2) DURING: the actual event
Hand out your resume. Have plenty of copies of your polished resume easily accessible (if you choose to distribute your resume). You don’t want to have to put down all the “freebies” you collected to hand someone your resume. If you have two versions of your resumes, color-coding them can be very helpful. Gray, white and off-white are all good choices. A new trend is for employers not to collect resumes on site but to just refer you back to their web-site for on-line resume submission. Try and use the face time at the fair to gather pertinent information to enhance your application.
Thank employers for any brochures or promotional materials you are given. This is not a time to pick up stocking stuffers or birthday gifts for your family. Be reasonable with your consumption of recruiter giveaways.
Collect business cards and jot down a fact on the back to jog your memory when you write a follow-up letter.
Approach an employer representative and introduce yourself. Don’t sit back and wait to be approached. Shake hands, make good eye contact, and tell the employer your name, major, and interests. The more focused you are the better. If you are unsure how you would fit into the organization, ask the employer open-ended yet specific questions. What qualities do you look for in employees? What kind of summer internships are available?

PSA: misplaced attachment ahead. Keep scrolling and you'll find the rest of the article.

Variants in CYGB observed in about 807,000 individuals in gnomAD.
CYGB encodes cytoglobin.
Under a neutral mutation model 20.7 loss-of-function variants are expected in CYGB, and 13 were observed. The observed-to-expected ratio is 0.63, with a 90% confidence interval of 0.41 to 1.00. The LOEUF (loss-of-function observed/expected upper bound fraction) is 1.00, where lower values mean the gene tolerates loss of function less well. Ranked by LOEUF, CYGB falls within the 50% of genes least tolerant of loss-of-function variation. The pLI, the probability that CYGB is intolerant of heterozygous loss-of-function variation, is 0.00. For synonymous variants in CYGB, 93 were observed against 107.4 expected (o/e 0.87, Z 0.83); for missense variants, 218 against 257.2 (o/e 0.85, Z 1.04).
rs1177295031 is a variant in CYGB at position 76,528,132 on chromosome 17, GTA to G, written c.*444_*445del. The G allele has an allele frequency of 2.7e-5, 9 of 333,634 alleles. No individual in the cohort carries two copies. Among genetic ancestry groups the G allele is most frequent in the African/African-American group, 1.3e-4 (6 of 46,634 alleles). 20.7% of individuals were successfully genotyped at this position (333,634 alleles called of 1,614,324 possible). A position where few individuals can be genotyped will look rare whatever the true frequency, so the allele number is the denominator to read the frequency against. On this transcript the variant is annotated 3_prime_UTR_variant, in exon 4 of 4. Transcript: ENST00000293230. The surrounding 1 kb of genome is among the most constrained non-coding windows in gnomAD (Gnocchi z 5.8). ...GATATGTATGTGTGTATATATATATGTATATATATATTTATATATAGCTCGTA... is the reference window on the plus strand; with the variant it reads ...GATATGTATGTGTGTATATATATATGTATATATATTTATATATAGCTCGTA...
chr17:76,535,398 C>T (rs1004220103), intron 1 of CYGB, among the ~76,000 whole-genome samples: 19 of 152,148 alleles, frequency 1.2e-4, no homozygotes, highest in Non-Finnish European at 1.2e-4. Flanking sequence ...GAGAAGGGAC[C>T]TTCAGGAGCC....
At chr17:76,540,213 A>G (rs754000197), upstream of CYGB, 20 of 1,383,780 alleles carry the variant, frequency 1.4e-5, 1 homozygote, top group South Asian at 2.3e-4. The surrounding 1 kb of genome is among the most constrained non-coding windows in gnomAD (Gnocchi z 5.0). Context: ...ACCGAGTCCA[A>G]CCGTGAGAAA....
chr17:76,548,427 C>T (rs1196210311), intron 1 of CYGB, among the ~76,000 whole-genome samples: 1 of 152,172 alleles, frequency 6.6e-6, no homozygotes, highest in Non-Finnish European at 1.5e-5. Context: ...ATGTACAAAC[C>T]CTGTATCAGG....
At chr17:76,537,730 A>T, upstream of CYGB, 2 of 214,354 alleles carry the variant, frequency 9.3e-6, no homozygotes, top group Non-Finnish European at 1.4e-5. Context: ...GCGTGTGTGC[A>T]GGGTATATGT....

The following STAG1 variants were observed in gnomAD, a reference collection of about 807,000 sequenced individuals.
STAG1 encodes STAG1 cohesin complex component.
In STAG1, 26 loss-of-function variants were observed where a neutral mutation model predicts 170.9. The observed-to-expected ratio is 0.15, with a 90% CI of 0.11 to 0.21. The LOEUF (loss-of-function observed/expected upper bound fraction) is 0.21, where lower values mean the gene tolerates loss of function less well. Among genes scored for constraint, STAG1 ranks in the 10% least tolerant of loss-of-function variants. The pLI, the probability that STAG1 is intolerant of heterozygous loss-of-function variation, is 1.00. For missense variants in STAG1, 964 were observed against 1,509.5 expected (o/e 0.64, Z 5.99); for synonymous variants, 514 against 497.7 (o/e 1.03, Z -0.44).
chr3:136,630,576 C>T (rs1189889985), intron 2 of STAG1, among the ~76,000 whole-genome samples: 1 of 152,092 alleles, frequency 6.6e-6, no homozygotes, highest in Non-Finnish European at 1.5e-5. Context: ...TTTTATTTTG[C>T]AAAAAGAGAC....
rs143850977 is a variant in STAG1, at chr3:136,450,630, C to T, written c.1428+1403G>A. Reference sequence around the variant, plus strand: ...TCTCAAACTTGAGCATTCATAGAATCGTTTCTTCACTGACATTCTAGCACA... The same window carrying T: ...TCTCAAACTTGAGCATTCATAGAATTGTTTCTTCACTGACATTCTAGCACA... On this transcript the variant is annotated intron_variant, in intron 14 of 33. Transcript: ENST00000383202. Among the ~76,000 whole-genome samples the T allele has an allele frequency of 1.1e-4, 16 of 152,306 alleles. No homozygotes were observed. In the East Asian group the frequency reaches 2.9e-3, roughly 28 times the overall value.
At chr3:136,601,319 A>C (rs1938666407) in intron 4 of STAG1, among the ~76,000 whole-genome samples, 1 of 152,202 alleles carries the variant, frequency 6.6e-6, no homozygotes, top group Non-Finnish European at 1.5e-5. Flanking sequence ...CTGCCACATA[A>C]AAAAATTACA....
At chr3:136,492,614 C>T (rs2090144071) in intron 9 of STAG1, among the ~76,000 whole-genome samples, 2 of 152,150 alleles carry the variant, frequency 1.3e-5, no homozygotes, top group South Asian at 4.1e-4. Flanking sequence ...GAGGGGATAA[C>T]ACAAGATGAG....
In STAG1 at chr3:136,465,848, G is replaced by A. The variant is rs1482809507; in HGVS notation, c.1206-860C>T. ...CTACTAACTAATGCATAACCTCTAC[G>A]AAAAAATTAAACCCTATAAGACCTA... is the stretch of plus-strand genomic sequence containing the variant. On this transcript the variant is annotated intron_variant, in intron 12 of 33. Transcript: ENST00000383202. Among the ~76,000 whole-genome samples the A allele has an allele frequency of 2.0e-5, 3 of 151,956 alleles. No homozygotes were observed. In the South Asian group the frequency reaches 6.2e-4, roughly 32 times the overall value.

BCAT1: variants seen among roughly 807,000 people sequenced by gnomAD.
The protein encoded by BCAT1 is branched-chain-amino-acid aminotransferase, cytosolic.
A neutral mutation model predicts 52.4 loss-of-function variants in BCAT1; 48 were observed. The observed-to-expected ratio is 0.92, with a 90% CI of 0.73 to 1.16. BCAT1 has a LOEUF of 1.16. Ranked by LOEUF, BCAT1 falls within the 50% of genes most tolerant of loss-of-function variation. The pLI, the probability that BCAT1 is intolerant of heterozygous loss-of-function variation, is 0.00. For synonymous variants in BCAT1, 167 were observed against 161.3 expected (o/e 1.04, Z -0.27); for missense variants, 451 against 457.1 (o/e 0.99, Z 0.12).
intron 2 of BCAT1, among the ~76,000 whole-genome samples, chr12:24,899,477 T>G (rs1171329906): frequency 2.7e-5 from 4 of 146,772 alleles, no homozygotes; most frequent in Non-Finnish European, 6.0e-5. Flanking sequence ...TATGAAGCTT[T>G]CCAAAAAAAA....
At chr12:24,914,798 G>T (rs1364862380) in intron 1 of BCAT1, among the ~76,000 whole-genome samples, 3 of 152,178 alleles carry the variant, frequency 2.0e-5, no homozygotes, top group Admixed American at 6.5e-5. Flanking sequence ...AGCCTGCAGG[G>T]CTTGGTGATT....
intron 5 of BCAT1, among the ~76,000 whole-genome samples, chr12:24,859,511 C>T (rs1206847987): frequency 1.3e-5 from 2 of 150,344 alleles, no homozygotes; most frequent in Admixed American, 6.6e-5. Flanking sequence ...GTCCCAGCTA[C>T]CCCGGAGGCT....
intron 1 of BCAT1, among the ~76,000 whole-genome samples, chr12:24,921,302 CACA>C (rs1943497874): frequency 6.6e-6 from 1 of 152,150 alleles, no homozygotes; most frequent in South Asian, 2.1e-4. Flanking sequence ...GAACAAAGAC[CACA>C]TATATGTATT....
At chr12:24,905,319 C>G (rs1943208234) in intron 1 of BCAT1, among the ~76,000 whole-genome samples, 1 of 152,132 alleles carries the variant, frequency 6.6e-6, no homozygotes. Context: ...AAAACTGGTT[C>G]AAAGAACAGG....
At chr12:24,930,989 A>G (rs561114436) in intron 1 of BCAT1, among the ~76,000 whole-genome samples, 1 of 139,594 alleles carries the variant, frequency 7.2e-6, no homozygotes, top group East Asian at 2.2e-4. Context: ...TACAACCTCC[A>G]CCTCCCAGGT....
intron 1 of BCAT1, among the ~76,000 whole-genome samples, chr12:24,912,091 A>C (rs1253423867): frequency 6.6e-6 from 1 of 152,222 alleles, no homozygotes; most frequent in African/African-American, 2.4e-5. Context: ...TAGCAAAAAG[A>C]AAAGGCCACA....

Create a one-minute commercial as a way to sell yourself to an employer. This is a great way to introduce yourself. The goal is to connect your background to the organization’s need. In one minute or less you need to introduce yourself, demonstrate your knowledge of the company, express enthusiasm and interest, and relate your background to the organization’s need, and end with a question. This is meant to be a dialogue NOT a monologue.
Other dos and don’ts:
- Be assertive without being rude
- Be sensitive to others waiting behind you
- Realize that recruiters like to talk to groups
- Maximize your time at the career fair
- Observe other students/employers for clues
- Don’t ask about salary and benefits
- Don’t monopolize someone’s time
- Don’t ask, “What do you have for my major?”
- Don’t exhibit a lack of direction and focus